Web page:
Did HACCP regulations fail in the horsemeat scandal?

The fact that pig DNA as well as horsemeat contaminated with phenylbutazone (bute) was found in beef mince supports the argument for hazard control points, even if a meat product is not hazardous. Global Heat Transfer, a Midlands firm that supplies highly regulations-compliant food grade oils into the food chain asks whether the process has failed or whether it was flouted.

According the UK Food Standards Agency, Hazard Analysis Critical Control Points (HACCP) regulations help introduce procedures to make sure the food produced by the food industry is safe to eat.

HACCP forms part of the Food Hygiene (England) Regulations 2006 and is centred on safe consumption and control measures during manufacture. The use of food grade heat transfer fluid (HTF), such as that sold by Global Heat Transfer, forms part of this plan.

From 1st of January 2006, new European Community Food Hygiene Regulations replaced the existing UK food safety laws. In practice, the main change related to food safety management, and required the documentation of arrangements for making sure that food sold to customers is safe.

“HACCP is a recognised way of making sure that the food safety hazards in your business are being managed responsibly, and of showing that this is being done day-in, day-out,” explains Dr Chris Wright, group head of R&D at Global Heat Transfer

“It is a management system in which food safety is addressed through the analysis and control of biological, chemical, and physical hazards from raw material production, procurement and handling, to manufacturing, distribution and consumption of the finished product.

“We have yet to establish whether the HACCP process was ignored or whether the process itself failed. According to European Community Food Hygiene Regulations, HACCP is a tool to assess hazards and establish control systems that focus on prevention rather than relying mainly on end-product testing.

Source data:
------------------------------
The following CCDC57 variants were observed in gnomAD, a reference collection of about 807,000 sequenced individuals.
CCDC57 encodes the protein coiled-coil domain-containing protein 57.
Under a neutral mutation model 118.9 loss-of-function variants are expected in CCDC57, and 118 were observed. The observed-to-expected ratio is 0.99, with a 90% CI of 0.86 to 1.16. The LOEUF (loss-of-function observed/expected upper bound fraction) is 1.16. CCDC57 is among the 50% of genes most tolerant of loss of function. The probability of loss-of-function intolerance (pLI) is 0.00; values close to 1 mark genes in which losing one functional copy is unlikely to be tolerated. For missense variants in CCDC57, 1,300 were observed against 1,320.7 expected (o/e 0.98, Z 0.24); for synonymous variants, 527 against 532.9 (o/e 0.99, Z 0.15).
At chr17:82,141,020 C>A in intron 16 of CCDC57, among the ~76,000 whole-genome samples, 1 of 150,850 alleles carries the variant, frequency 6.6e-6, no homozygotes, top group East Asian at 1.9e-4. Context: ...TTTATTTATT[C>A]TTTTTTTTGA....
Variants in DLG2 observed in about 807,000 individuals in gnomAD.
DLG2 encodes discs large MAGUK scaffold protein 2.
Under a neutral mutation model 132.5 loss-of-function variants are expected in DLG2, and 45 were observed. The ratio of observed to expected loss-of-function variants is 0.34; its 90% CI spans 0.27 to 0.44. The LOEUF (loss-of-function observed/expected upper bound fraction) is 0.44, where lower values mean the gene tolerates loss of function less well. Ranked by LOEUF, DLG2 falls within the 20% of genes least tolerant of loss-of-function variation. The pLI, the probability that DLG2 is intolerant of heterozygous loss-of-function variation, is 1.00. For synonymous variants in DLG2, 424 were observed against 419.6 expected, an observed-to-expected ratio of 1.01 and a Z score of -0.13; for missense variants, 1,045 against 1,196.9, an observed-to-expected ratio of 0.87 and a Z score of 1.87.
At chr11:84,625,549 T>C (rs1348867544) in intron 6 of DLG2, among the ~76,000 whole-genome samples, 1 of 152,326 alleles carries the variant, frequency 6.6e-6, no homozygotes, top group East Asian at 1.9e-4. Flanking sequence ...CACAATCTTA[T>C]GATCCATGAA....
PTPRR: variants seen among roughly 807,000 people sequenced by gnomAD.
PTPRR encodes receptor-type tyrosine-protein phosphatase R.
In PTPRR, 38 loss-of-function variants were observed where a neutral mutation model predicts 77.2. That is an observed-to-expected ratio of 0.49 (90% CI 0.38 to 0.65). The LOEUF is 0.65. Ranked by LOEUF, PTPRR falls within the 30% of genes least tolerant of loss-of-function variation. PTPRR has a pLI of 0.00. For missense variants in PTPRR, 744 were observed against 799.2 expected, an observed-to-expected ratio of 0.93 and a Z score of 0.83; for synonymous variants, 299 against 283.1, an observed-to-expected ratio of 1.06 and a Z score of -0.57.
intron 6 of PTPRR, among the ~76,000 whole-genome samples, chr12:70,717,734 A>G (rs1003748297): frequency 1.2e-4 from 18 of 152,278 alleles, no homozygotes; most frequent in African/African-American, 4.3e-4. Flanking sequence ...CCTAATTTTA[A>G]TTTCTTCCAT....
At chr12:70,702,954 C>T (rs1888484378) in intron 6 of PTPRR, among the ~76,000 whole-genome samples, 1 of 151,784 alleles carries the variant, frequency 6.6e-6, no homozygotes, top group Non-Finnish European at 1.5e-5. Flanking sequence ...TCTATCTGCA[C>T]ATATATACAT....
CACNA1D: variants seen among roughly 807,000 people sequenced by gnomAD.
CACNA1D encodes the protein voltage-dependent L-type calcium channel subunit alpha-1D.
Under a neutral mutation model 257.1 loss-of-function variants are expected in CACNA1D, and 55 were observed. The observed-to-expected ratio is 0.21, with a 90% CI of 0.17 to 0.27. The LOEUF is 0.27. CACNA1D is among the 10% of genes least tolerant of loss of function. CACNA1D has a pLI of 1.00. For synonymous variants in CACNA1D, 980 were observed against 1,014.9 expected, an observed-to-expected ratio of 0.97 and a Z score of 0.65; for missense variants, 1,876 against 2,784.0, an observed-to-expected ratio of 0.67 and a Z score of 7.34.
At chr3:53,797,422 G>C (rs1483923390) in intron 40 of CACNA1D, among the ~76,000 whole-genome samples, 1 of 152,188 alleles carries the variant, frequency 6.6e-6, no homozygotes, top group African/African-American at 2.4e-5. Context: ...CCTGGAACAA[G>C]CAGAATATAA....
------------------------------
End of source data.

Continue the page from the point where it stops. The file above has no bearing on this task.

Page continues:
“However, it was this very end-product testing that exposed the abuse. The question is, did HACCP itself fail or was it deliberately flouted by the food supply chain.”

HACCP involves the following seven principles:

  1. Identify the potential food hazards in a food business that must be prevented, eliminated or reduced to acceptable levels. A food hazard may be biological, physical, or chemical, thermal fluid is a chemical hazard for example.
  2. Identify the critical control points (CCP) at the process step(s) where control is critical to ensure food safety; by preventing, eliminating or reducing the hazard an acceptable level.
  3. Establish critical limits; targets set at each critical control point which guarantees to eliminate or reduce the hazard to a safe level, for example less than ten percent incidental contact with food gradeHTF versus nil incidental contact with mineral or synthetic HTF.
  4. Establish and implement effective monitoring procedures at CCPs, for example, system and fluid analysis and audits.
  5. Establish corrective actions when monitoring indicates that a CCP is not under control, if old fluids have not been replaced for example.
  6. Establish procedures to verify that the measures outlined above are working effectively, records of thermal sampling for example.
  7. Establish documents and records commensurate with the nature and size of the food business to demonstrate the effective application of the measures outlined above.

These seven principles are analysed in more depth, with reference to both heat transfer fluids and the horsemeat scandal in the Global Heat Transfer white paper The Seven principles of HACCP.